jep24601
07-08-2010, 09:35 AM
[QUOTE=Richard-TX]A GFCI will not work correctly if there is no separate ground.QUOTE]

A GFCI trips when it detects a difference between the hot and neutral current.
It does not need a ground in the system to do this.
In really old homes which do not have ground wires you can install GFCI's for safety. Not Code? - codes are not retro-active.

Paul Alciatore
07-08-2010, 12:41 PM
[QUOTE=Richard-TX]A GFCI will not work correctly if there is no separate ground.QUOTE]

A GFCI trips when it detects a difference between the hot and neutral current.
It does not need a ground in the system to do this.
In really old homes which do not have ground wires you can install GFCI's for safety. Not Code? - codes are not retro-active.

Actually the ground is essential and can not be replaced with a GFCI device. The ground is to protect you from shock AND to trip the breaker from high current situations (shorts) which could result in excessive heat and possibly a fire. It also protects from shock when the outer case is conductive and grounded. There are too many different fault scenarios but the code has evolved to cover most, if not all of them.

The ground is the first and most basic protection and it MUST be present. Then, a GFCI is added if it is needed. The GFCI is designed to trip the breaker if just a low level of current is detected as missing in the neutral or return path. It is assumed that this missing current is passing through your body.

On the low resistance thing for a ground rod, consider: a 30 Amp breaker needs more than 30 Amps to trip. I=E/R or R=E/I. 115V / 30A = 3.83 Ohms. So a 25 Ohm ground rod will NOT provide enough current to trip a 30 Amp breaker or even enough to trip a 20 or 15 Amp one. Code or no code, it won't work. A 1 Ohm ground is a good one in my opinion. That would blow up to a 100 Amp breaker. It is hard to get that but it can be done.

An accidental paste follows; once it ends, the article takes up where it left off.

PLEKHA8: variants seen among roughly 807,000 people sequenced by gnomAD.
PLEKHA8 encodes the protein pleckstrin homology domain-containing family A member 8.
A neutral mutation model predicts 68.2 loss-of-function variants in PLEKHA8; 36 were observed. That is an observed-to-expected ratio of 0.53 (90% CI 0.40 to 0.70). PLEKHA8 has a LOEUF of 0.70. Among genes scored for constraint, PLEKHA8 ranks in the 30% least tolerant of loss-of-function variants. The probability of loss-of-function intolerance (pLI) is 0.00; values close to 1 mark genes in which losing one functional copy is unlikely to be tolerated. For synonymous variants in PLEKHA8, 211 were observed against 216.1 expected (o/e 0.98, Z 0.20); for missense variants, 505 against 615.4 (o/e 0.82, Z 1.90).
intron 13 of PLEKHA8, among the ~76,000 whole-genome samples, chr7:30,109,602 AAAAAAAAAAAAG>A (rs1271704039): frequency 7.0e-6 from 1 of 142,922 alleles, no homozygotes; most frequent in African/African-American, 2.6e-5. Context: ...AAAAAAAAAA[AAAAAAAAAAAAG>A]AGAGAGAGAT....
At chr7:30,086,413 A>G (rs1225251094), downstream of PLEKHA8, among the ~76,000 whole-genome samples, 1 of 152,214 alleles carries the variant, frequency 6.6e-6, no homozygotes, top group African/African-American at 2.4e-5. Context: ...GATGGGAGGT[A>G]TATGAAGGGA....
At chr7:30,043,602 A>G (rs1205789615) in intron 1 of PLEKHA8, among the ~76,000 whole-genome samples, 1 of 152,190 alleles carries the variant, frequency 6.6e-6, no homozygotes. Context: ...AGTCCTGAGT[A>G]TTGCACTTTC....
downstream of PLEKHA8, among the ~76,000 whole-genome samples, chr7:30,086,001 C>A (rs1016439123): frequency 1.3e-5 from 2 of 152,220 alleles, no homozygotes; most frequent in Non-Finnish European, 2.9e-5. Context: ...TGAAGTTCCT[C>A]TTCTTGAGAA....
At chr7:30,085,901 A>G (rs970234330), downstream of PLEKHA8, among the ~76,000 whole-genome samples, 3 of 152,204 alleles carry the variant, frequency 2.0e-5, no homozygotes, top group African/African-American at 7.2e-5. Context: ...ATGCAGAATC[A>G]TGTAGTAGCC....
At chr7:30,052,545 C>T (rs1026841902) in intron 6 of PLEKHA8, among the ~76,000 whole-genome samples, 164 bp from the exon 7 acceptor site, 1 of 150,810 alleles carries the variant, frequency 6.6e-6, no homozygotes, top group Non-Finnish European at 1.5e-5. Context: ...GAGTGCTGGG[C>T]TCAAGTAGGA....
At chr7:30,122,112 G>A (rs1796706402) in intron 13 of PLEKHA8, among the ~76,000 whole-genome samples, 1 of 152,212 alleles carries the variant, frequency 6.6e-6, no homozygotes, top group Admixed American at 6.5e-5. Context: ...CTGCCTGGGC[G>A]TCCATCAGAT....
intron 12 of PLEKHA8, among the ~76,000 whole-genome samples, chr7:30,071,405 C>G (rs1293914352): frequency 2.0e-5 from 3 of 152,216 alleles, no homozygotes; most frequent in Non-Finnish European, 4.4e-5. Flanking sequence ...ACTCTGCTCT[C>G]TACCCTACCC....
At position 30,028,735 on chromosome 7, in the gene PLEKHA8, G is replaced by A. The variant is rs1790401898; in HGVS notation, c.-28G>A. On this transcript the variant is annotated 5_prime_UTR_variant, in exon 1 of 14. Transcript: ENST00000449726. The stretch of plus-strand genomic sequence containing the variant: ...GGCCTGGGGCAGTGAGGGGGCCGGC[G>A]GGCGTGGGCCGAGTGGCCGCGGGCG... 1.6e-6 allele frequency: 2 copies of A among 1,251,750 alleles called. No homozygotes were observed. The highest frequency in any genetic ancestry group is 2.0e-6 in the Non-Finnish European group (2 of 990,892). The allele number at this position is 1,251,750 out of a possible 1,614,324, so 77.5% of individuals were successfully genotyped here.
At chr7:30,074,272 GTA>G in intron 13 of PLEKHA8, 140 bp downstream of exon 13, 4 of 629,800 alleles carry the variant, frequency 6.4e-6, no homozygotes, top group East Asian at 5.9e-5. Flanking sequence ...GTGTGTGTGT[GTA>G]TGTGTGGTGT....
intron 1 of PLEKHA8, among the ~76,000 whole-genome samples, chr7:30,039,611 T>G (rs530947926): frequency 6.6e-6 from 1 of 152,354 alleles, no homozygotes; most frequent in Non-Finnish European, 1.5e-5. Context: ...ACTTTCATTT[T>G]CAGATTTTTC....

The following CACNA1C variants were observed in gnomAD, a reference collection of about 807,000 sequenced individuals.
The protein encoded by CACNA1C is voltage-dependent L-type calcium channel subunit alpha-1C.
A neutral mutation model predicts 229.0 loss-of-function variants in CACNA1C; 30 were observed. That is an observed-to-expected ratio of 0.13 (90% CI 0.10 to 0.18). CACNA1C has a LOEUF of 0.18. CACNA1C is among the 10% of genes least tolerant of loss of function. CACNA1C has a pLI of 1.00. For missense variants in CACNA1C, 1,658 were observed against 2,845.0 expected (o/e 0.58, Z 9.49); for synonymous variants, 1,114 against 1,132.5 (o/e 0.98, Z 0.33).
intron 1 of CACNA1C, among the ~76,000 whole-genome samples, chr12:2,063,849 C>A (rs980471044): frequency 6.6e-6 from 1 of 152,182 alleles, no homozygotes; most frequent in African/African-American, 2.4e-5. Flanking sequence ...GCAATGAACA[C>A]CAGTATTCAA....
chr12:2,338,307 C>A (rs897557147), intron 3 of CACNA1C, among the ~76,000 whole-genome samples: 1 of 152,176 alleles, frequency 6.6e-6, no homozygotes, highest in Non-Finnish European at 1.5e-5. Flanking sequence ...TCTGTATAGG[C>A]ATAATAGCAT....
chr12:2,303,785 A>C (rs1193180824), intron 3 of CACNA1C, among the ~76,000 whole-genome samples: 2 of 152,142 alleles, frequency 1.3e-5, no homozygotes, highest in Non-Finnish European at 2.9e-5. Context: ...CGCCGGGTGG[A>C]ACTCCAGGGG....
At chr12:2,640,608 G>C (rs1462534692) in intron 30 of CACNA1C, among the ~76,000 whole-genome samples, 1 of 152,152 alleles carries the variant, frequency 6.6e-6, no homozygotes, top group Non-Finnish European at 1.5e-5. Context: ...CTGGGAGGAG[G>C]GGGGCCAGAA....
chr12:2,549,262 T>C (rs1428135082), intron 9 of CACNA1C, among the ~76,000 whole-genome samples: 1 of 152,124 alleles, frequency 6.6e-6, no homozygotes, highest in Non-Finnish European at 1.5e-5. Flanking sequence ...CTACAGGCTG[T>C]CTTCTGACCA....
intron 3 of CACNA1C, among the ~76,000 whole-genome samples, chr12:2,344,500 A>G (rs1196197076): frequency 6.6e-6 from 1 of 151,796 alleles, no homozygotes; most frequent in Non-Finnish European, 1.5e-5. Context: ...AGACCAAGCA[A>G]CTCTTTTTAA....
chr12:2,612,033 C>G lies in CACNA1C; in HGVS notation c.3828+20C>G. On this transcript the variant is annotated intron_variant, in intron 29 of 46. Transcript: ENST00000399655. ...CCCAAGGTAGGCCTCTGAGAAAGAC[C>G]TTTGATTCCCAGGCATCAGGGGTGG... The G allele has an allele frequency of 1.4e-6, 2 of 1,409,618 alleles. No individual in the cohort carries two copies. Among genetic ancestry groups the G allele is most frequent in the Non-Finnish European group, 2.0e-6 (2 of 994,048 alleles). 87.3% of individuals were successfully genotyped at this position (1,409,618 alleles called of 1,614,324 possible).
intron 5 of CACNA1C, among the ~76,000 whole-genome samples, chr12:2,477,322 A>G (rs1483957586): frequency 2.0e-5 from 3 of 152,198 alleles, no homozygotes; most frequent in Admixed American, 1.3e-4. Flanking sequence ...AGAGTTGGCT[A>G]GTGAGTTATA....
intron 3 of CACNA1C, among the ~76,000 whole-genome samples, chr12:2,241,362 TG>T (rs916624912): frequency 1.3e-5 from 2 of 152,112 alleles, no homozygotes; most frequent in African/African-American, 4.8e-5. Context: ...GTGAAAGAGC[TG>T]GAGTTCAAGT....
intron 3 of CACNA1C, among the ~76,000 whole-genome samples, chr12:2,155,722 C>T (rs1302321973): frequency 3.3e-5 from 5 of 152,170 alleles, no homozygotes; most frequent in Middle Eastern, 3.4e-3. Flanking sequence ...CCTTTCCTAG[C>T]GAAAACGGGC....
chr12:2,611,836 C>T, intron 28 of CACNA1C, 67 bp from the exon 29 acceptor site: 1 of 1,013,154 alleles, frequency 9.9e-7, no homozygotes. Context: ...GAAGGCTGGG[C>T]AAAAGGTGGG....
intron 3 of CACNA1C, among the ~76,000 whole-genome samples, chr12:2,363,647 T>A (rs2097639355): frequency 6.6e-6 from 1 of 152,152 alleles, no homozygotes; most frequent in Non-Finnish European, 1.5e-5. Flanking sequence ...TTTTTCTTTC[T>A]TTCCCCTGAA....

ulav8r
07-08-2010, 12:42 PM
Instead of running a 4 wire cable, why not run a single wire to serve as the neutral? Leave the ground wire as a ground and connect it to a ground rod at the well.

jep24601
07-08-2010, 05:22 PM
[QUOTE=jep24601]The ground is the first and most basic protection and it MUST be present.
- but in many old homes it isn't.

lakeside53
07-08-2010, 09:04 PM
.. and a GFCI works fine without a ground (and is better then the alternative of a non-grounded outlet) in those old homes... like my MIL's 1906 houre in MT - about 70% of the oiutllets are 2-wire, and still tie to knob & tube.

And yes, a ground is always very good idea!

lakeside53
07-08-2010, 09:07 PM
Instead of running a 4 wire cable, why not run a single wire to serve as the neutral? Leave the ground wire as a ground and connect it to a ground rod at the well.


All the wires either need to be in the same "conduit" - the casing of the 10-2 UF, or individividual direct burial type.

If you're going to dig a new trench at the code depth, new wires are the easy part.

J Tiers
07-08-2010, 09:58 PM
[QUOTE=jep24601]

Actually the ground is essential and can not be replaced with a GFCI device.


Code allows using a GFCI, which has a 3 wire outlet, on a 2 wire extension, i.e. on wiring that does not, and never has had, a ground.



On the low resistance thing for a ground rod, consider: a 30 Amp breaker needs more than 30 Amps to trip. I=E/R or R=E/I. 115V / 30A = 3.83 Ohms. So a 25 Ohm ground rod will NOT provide enough current to trip a 30 Amp breaker or even enough to trip a 20 or 15 Amp one. Code or no code, it won't work. A 1 Ohm ground is a good one in my opinion. That would blow up to a 100 Amp breaker. It is hard to get that but it can be done.

In lots of soils it cannot be done in any way whatsoever.

The code allows 2 ground rods, and that is IT. End of discussion. No added argument is required.

BUT, luckily, the Code also PROHIBITS a situation where the earth connection between ground rods is depended upon to open the circuit protector.

This is all reasonable......

The REASON for the grounding rod is NOT TO POP THE BREAKER.

The REASON FOR THE GROUNDING ROD is to bring the local "earth" to the same potential as the neutral and equipment grounding conductor.

it is PURELY to ensure that there is no potential between the EGC and the "earth", as that would totally defeat the purpose of the EGC.

if the local earth is so high resistance that it makes a lousy "ground", then the provision of dozens of rods will not improve the local earth-to-EGC potential.

ONLY IN THE CASE of a substation, with tens or hundreds of thousands of amperes fault current possible, is there a real reason for a "ground grid" or "ground mesh" to reduce that potential.